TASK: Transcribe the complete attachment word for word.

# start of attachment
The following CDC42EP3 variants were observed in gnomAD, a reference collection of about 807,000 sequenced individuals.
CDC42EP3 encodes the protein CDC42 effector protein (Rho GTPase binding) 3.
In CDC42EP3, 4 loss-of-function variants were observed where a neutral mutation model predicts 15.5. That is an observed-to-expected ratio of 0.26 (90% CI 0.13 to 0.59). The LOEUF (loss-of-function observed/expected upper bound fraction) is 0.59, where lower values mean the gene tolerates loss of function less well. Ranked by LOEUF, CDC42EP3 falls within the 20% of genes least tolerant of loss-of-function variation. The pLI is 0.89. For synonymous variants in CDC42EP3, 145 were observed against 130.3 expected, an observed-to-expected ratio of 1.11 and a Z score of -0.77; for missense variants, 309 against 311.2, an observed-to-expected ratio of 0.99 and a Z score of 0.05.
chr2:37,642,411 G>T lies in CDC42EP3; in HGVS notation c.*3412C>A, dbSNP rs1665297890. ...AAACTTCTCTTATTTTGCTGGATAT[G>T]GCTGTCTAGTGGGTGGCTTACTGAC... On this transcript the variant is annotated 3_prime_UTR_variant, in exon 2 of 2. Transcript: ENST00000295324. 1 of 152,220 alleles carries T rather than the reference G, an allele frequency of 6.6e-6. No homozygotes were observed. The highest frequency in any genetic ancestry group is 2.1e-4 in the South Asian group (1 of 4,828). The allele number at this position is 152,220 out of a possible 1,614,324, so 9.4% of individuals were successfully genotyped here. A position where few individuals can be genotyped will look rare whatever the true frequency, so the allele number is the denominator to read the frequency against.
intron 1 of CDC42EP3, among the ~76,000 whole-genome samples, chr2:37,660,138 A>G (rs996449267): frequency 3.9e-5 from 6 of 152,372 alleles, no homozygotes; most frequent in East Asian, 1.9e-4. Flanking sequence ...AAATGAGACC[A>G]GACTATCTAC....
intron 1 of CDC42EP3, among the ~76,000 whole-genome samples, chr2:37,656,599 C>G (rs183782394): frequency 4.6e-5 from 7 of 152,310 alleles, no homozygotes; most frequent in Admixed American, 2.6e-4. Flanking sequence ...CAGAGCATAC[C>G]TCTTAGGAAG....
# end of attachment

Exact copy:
The following CDC42EP3 variants were observed in gnomAD, a reference collection of about 807,000 sequenced individuals.
CDC42EP3 encodes the protein CDC42 effector protein (Rho GTPase binding) 3.
In CDC42EP3, 4 loss-of-function variants were observed where a neutral mutation model predicts 15.5. That is an observed-to-expected ratio of 0.26 (90% CI 0.13 to 0.59). The LOEUF (loss-of-function observed/expected upper bound fraction) is 0.59, where lower values mean the gene tolerates loss of function less well. Ranked by LOEUF, CDC42EP3 falls within the 20% of genes least tolerant of loss-of-function variation. The pLI is 0.89. For synonymous variants in CDC42EP3, 145 were observed against 130.3 expected, an observed-to-expected ratio of 1.11 and a Z score of -0.77; for missense variants, 309 against 311.2, an observed-to-expected ratio of 0.99 and a Z score of 0.05.
chr2:37,642,411 G>T lies in CDC42EP3; in HGVS notation c.*3412C>A, dbSNP rs1665297890. ...AAACTTCTCTTATTTTGCTGGATAT[G>T]GCTGTCTAGTGGGTGGCTTACTGAC... On this transcript the variant is annotated 3_prime_UTR_variant, in exon 2 of 2. Transcript: ENST00000295324. 1 of 152,220 alleles carries T rather than the reference G, an allele frequency of 6.6e-6. No homozygotes were observed. The highest frequency in any genetic ancestry group is 2.1e-4 in the South Asian group (1 of 4,828). The allele number at this position is 152,220 out of a possible 1,614,324, so 9.4% of individuals were successfully genotyped here. A position where few individuals can be genotyped will look rare whatever the true frequency, so the allele number is the denominator to read the frequency against.
intron 1 of CDC42EP3, among the ~76,000 whole-genome samples, chr2:37,660,138 A>G (rs996449267): frequency 3.9e-5 from 6 of 152,372 alleles, no homozygotes; most frequent in East Asian, 1.9e-4. Flanking sequence ...AAATGAGACC[A>G]GACTATCTAC....
intron 1 of CDC42EP3, among the ~76,000 whole-genome samples, chr2:37,656,599 C>G (rs183782394): frequency 4.6e-5 from 7 of 152,310 alleles, no homozygotes; most frequent in Admixed American, 2.6e-4. Flanking sequence ...CAGAGCATAC[C>G]TCTTAGGAAG....